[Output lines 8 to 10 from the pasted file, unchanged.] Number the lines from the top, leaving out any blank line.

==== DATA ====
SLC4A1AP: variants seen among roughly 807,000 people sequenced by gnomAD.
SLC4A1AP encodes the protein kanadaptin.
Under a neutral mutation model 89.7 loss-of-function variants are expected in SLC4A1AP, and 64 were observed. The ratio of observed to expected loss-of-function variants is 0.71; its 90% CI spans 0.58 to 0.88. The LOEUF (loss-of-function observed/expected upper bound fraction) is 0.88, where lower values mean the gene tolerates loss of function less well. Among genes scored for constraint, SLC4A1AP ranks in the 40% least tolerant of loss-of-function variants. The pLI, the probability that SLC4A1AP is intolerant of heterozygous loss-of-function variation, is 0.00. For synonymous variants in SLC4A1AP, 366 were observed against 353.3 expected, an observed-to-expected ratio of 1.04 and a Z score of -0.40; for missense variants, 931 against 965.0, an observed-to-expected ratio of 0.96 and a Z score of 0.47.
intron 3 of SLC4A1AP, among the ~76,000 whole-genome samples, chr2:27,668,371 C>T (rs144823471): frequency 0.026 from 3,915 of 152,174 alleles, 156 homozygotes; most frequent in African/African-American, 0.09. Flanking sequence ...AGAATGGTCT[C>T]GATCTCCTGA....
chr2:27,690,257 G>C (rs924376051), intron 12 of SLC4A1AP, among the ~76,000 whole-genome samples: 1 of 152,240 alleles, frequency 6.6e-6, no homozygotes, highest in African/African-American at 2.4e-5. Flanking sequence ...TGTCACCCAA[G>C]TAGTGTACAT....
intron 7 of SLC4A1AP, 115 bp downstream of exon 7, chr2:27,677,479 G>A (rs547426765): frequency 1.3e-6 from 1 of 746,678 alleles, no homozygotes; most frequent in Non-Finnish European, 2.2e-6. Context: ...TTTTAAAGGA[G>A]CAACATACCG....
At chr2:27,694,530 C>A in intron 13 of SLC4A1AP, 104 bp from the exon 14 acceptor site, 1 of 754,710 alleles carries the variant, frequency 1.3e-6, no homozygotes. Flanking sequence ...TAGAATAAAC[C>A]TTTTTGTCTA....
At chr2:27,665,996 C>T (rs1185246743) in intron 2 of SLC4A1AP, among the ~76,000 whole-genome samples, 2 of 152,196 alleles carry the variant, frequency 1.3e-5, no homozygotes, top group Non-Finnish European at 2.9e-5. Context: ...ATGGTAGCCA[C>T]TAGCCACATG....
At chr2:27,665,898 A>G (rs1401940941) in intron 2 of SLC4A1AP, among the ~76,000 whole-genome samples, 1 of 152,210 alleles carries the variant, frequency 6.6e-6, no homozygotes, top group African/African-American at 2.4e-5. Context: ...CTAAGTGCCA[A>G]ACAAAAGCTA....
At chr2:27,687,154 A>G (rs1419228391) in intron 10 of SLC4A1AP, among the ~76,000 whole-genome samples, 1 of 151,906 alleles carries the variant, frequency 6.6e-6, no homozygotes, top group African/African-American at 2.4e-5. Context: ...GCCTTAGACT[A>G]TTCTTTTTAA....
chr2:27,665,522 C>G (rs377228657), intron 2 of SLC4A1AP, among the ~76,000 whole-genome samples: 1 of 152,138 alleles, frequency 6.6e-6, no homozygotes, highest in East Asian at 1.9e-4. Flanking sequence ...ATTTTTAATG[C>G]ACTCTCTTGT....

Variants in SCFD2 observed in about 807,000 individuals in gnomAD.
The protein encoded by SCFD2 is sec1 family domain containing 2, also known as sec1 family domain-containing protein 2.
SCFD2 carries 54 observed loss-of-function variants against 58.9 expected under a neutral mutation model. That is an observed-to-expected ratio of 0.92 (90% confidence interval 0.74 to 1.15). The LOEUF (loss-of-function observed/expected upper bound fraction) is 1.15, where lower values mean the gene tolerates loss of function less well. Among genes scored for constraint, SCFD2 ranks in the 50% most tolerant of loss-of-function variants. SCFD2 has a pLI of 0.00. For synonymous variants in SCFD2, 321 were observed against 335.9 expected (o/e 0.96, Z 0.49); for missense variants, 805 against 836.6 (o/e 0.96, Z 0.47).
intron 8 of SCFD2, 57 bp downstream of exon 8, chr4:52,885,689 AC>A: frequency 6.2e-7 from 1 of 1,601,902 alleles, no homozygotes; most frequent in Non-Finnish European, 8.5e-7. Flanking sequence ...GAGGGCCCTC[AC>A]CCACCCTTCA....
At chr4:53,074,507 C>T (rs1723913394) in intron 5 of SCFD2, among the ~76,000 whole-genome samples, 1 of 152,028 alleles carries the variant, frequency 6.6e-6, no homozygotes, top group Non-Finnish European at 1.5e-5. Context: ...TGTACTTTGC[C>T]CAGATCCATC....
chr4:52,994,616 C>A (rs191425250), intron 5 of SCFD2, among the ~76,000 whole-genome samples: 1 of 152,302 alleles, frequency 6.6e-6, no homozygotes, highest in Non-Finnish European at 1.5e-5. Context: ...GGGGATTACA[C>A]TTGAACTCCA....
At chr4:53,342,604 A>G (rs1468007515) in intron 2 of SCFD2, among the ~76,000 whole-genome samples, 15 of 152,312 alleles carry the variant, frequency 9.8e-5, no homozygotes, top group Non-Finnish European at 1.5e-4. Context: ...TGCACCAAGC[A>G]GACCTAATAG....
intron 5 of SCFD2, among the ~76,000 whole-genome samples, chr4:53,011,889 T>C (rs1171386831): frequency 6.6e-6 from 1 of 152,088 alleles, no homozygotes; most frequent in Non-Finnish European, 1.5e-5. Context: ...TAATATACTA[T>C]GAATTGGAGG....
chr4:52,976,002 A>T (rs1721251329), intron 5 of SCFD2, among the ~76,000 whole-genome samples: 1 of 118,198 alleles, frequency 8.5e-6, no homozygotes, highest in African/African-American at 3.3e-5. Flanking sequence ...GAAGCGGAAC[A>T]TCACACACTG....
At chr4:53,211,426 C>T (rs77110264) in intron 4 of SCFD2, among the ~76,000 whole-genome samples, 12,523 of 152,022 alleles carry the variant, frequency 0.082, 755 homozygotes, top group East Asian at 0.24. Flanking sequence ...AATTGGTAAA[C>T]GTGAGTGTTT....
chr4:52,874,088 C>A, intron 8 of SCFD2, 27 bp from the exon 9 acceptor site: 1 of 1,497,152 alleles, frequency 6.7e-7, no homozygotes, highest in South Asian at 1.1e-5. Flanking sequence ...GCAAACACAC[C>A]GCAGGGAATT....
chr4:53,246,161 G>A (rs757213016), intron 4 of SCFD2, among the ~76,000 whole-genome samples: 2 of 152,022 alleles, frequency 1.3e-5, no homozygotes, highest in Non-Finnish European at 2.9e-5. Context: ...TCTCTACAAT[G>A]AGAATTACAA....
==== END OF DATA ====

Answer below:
At chr2:27,665,996 C>T (rs1185246743) in intron 2 of SLC4A1AP, among the ~76,000 whole-genome samples, 2 of 152,196 alleles carry the variant, frequency 1.3e-5, no homozygotes, top group Non-Finnish European at 2.9e-5. Context: ...ATGGTAGCCA[C>T]TAGCCACATG....
At chr2:27,665,898 A>G (rs1401940941) in intron 2 of SLC4A1AP, among the ~76,000 whole-genome samples, 1 of 152,210 alleles carries the variant, frequency 6.6e-6, no homozygotes, top group African/African-American at 2.4e-5. Context: ...CTAAGTGCCA[A>G]ACAAAAGCTA....
At chr2:27,687,154 A>G (rs1419228391) in intron 10 of SLC4A1AP, among the ~76,000 whole-genome samples, 1 of 151,906 alleles carries the variant, frequency 6.6e-6, no homozygotes, top group African/African-American at 2.4e-5. Context: ...GCCTTAGACT[A>G]TTCTTTTTAA....